AVERAGEIF function takes the average of the values in a range of cells that match a criteria. In this guide, we’re going to show you how to use the AVERAGEIF function and also go over some tips and error handling methods.
Supported versions
- All Excel versions
Syntax
Arguments
range |
The range of cells that you want to apply the criteria against |
criteria |
The criteria that is applied to range to define which cells to calculate. |
average_range |
Optional. The range of cells whose average will be calculated. |
Examples
We’re using named ranges in our examples to make the formulas easier to read. You don’t need to do this to run your formulas.
Example 1
Example 2
Note: AVERAGEIF function is not case-sensitive – “FIRE” and “fire” criteria will give the same results.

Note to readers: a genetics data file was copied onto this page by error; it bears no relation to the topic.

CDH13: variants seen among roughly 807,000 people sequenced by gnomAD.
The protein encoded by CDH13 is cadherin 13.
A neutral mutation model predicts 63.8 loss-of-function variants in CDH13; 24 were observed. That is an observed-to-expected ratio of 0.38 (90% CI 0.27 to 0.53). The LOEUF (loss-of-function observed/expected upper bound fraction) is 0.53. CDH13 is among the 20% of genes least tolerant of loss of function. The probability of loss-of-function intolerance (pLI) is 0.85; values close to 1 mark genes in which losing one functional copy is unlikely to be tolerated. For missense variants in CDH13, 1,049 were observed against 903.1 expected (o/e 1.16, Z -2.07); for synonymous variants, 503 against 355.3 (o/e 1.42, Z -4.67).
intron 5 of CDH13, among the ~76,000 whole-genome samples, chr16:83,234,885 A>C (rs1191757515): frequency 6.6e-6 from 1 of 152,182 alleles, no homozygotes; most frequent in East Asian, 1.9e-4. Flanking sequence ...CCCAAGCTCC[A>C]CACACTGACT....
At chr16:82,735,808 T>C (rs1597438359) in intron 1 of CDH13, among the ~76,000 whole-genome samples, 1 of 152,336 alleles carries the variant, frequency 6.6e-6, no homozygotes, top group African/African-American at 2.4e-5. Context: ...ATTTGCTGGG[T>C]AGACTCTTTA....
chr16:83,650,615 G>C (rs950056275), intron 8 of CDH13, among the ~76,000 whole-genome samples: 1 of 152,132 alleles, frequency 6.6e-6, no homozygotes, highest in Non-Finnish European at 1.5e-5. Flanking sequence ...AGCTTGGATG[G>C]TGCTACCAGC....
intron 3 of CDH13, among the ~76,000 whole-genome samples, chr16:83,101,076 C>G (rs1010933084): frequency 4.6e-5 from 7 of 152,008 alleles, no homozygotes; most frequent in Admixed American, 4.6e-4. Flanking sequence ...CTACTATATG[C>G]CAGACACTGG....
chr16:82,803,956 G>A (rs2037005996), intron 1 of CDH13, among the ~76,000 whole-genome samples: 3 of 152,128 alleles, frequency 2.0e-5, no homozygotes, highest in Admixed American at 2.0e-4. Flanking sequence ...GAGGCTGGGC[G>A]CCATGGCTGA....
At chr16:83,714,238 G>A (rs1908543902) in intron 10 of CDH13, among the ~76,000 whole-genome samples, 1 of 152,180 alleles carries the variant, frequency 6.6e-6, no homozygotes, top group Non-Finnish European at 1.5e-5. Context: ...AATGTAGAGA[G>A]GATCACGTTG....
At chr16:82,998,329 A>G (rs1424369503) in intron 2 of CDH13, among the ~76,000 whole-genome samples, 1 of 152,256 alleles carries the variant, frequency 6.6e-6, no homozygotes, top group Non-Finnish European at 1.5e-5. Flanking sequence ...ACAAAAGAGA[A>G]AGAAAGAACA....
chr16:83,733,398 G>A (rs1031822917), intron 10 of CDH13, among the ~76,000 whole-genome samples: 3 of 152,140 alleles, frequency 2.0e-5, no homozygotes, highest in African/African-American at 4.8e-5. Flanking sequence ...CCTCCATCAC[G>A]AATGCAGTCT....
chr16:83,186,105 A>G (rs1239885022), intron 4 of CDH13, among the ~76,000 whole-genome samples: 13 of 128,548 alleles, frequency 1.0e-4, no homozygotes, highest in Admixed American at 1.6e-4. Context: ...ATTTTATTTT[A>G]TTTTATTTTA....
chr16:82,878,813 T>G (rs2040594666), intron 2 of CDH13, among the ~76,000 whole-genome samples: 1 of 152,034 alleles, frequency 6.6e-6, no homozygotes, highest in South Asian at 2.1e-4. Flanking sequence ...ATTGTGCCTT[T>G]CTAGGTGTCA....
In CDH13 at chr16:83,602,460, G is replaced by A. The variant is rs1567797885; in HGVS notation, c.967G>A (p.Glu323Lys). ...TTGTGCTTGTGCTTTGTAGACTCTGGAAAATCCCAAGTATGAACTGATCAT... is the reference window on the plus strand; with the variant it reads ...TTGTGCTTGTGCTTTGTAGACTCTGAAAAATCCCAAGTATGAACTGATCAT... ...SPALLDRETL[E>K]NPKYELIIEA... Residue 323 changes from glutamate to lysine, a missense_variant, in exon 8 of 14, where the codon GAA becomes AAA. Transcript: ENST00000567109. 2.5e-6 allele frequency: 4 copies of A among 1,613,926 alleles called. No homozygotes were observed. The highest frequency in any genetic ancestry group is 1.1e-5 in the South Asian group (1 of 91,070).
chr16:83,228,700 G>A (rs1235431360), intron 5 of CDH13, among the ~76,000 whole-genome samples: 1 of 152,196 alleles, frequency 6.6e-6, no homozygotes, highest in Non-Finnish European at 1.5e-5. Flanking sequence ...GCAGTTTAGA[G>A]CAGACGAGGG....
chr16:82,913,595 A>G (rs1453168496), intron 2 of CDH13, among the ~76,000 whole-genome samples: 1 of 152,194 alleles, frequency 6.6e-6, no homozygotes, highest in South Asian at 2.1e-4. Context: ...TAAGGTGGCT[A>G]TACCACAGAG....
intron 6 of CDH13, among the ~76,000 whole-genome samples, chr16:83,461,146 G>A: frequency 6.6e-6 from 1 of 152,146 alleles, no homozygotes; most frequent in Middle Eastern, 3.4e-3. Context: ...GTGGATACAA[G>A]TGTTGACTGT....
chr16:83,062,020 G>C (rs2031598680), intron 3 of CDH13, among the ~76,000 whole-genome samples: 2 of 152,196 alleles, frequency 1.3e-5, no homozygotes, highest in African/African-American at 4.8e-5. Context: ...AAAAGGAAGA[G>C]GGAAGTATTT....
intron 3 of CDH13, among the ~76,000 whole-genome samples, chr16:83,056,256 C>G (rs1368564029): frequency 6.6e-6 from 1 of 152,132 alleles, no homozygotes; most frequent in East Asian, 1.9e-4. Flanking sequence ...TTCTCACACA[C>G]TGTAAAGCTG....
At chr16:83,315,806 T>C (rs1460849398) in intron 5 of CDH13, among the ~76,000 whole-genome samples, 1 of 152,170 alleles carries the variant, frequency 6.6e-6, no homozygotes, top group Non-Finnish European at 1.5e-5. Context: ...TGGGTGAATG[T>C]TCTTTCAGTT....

Tips
- Use same number of rows and columns for sum and criteria range arguments.
- Bad Example: =AVERAGEIF(F2:H10,”>2014″,G2:G15)
- Good Example: =AVERAGEIF(F2:F11,”>2014″,G2:G11)
- Comparison operators:
Operator
Description
Criteria Sample
Criteria Meaning
=
Equal to
“=10000”
Equal to 10000
<>
Not equal to
“<>10000”
Not equal to 10000
>
Greater than
“>10000”
Greater than 10000
<
Less than
“>10000”
Less than 10000
>=
Greater than or equal to
“>=10000”
Greater than or equal to 10000
<=
Less than or equal to
“<=10000”
Less than or equal to 10000
?
Takes the place of a single character
“Admin?”
6-character word starts by “Admin”
*
Can take the place of any number of characters.
“Admin*”
Any number of character word starts with “Admin”
~
Use tilde in front of a question mark or an asterisk to actually find them
“Admin~*”
Equal to “Admin*”
Note: Wildcards cannot be used for numeric values. Searching for a wild card character in a range of numeric values will return no matches.
Issues
#VALUE!
The AVERAGEIF function returns incorrect results when you use it to match strings longer than 255 characters, or the string #VALUE!.
TRUE and FALSE
TRUE and FALSE values in average_range are evaluated as numbers. While TRUE is evaluated as 1, FALSE is evaluated as 0. As a result, this property can cause unexpected results when used in other calculations.